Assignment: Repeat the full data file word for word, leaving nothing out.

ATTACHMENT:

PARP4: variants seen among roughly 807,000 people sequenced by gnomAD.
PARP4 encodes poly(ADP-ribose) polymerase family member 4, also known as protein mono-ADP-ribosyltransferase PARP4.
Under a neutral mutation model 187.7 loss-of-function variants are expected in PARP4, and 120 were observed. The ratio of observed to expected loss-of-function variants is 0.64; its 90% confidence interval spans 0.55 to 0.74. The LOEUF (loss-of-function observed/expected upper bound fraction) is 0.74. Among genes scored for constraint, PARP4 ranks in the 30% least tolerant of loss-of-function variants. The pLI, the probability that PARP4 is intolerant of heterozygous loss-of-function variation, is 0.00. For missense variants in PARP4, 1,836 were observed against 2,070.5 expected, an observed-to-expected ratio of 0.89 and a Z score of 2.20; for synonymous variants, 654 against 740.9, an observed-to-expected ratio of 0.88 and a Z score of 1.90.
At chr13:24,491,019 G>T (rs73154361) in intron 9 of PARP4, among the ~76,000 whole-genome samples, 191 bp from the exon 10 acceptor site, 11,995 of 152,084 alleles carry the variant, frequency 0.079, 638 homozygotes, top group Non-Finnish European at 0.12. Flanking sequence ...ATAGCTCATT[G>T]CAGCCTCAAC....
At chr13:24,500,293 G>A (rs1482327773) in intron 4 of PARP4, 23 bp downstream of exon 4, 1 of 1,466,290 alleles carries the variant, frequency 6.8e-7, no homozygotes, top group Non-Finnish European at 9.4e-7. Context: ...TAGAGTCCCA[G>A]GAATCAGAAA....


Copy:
PARP4: variants seen among roughly 807,000 people sequenced by gnomAD.
PARP4 encodes poly(ADP-ribose) polymerase family member 4, also known as protein mono-ADP-ribosyltransferase PARP4.
Under a neutral mutation model 187.7 loss-of-function variants are expected in PARP4, and 120 were observed. The ratio of observed to expected loss-of-function variants is 0.64; its 90% confidence interval spans 0.55 to 0.74. The LOEUF (loss-of-function observed/expected upper bound fraction) is 0.74. Among genes scored for constraint, PARP4 ranks in the 30% least tolerant of loss-of-function variants. The pLI, the probability that PARP4 is intolerant of heterozygous loss-of-function variation, is 0.00. For missense variants in PARP4, 1,836 were observed against 2,070.5 expected, an observed-to-expected ratio of 0.89 and a Z score of 2.20; for synonymous variants, 654 against 740.9, an observed-to-expected ratio of 0.88 and a Z score of 1.90.
At chr13:24,491,019 G>T (rs73154361) in intron 9 of PARP4, among the ~76,000 whole-genome samples, 191 bp from the exon 10 acceptor site, 11,995 of 152,084 alleles carry the variant, frequency 0.079, 638 homozygotes, top group Non-Finnish European at 0.12. Flanking sequence ...ATAGCTCATT[G>T]CAGCCTCAAC....
At chr13:24,500,293 G>A (rs1482327773) in intron 4 of PARP4, 23 bp downstream of exon 4, 1 of 1,466,290 alleles carries the variant, frequency 6.8e-7, no homozygotes, top group Non-Finnish European at 9.4e-7. Context: ...TAGAGTCCCA[G>A]GAATCAGAAA....